Ween has been a darling of the alt-rock scene for some 20 years. During that time, the band’s core duo have made about a dozen albums and toured the world.

So you’d think music is their full-time job.

It’s not.

“I fish full-time, probably 200 days a year,” said Mickey Melchiondo, also known for group purposes as Dean Ween. “I’m a fishing guide, and I have a charter boat. It’s always been a love of mine and a dream to do this.”

It makes sense that a member of a band known for its goofiness and offbeat sense of humor would have more interests besides music. And it also means that Melchiondo will feel right at home when Ween plays a show Friday night just a few feet from the saltwater of Casco Bay, on the Maine State Pier in Portland.

Ween is the headliner for the first night of the third annual Pier Revue, a waterfront concert series to benefit Preble Street, a Portland social service agency. On Saturday, the Pier Revue continues with a show by Thievery Corporation, a Washington D.C.-based DJ and production duo which puts on a live show with a 15-member band.


Both bands are scheduled to play at least two-and-a-half hours. The promoters are trying for a “party” atmosphere, with food and beverages (including beer for those of legal age) for sale. In the past two years, the Pier Revue shows have included Wilco, moe., Ryan Montbleau, and Conor Oberst & the Mystic Valley Band.

The Pier Revue’s promoter, Massachusetts-based Great Northeast Productions, tries to include a social service component to its shows, and began working with Preble Street on its Portland shows about 10 years ago.

“In this economic climate, we feel it is essential that people recognize the critical role Preble Street plays in the lives of so many people affected in the Greater Portland community,” said Adam Lewis, of Great Northeast Productions.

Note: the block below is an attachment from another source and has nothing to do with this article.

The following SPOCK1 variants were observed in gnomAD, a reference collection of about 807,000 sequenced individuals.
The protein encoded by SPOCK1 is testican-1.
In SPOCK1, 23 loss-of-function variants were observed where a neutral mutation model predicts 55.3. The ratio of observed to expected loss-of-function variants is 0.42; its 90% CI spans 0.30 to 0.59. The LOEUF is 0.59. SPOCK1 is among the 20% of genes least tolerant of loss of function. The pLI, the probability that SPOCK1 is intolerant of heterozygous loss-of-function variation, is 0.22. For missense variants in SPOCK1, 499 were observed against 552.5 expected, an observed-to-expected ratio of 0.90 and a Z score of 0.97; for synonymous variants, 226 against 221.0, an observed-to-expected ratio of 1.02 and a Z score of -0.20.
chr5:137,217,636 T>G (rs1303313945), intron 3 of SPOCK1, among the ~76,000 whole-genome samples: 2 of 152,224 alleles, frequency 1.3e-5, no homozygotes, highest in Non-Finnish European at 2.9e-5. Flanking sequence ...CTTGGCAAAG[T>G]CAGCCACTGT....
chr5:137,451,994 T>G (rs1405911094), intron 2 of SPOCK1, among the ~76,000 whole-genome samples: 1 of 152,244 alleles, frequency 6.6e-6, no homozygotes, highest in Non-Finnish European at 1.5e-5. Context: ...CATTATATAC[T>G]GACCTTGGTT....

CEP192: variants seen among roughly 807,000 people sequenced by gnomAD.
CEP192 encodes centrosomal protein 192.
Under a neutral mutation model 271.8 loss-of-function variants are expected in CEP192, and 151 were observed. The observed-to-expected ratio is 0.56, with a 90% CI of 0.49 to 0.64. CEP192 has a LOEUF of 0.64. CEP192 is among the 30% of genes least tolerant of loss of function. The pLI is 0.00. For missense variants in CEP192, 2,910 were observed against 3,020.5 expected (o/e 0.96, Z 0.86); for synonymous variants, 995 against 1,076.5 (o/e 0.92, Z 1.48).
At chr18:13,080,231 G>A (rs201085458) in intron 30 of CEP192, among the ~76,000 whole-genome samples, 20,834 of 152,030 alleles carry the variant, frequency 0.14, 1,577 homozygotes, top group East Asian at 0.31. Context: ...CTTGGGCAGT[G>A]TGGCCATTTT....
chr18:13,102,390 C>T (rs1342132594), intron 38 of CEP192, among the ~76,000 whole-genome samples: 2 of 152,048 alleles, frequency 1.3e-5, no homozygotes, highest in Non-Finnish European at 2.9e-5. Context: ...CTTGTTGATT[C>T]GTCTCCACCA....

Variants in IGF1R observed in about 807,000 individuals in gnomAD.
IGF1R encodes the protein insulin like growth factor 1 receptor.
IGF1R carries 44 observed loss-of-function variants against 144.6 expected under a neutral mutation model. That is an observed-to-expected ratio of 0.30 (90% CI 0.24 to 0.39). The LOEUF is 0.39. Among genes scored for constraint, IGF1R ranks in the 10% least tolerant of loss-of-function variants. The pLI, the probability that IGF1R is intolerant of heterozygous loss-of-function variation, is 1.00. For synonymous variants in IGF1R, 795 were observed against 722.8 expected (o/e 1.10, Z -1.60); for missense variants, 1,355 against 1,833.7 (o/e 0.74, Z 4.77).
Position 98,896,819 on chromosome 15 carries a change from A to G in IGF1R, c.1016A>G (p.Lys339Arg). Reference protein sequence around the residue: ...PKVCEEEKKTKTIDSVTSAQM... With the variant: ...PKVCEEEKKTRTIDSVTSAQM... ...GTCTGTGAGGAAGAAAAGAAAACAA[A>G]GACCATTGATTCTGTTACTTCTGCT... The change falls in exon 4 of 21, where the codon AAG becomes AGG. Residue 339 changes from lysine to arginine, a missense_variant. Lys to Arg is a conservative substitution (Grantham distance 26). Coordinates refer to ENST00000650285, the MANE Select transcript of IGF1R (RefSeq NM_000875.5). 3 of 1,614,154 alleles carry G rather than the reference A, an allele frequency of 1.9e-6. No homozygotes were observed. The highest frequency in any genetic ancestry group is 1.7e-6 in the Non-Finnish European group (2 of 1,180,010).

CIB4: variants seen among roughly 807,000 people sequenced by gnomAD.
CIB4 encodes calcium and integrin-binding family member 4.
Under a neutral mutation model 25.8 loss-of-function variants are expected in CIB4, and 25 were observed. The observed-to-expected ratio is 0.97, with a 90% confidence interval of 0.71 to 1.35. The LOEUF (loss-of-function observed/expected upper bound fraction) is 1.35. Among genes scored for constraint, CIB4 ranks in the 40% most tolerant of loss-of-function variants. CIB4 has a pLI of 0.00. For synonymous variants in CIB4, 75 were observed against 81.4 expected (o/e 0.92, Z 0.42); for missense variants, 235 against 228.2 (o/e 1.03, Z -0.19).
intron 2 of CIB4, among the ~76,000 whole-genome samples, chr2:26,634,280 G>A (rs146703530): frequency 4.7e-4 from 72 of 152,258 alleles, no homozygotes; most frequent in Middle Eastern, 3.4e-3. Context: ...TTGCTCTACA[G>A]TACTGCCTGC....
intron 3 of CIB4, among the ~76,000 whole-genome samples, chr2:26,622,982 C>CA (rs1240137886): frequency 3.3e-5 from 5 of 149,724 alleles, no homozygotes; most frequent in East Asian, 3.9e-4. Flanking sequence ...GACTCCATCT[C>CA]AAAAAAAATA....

For Melchiondo and fellow Ween founder Aaron Freeman (Gene Ween), this will not their first trip to Maine. Not only have they played Maine several times — including the State Theatre in Portland — they wrote their album “White Pepper” in Maine about a decade ago.

“We rented a house in Rockland, it was on this little island in the middle of a harbor, and you had to get there on a causeway,” said Melchiondo. “That’s how we always write records: We go someplace, always near the coast. We basically packed a van and set up a studio there for about three weeks. It was a very productive trip.”

Melchiondo and Freeman have been making music together since 1984, when they were 14 and growing up in New Hope, Pa. It’s a tourist town on the Delaware River about 40 minutes from Philadelphia, with a lively music scene.


“It’s a sort of bizarre, eclectic town, and we couldn’t have met in any other town,” said Melchiondo, who still lives in New Hope. “The high school has no traditional set of jocks or cheerleaders. Everybody just does their own thing.”

From that sort of beginning, Melchiondo, Freeman and other Ween members developed a “personality” in their music that critics often see as goofy. For instance, Ween did an album called “12 Golden Country Greats” which indeed had a classic country instrumentation and sound, but also had song titles like “Help Me Scrape the Mucus Off My Brain.”

“It’s not a conscious thing with us. It’s just our personality,” said Melchiondo.

Melchiondo says Ween is touring less these days, and he’s fishing more. Instead of going on the road for a month or more at time, the band tours for a day or two a week, then might be home for a week or two.

This way, Melchiondo says, he feels like he’s “constantly ready” to play live shows.

And he’s got time to fish.


Staff Writer Ray Routhier can be contacted at 791-6454 or at: [email protected]


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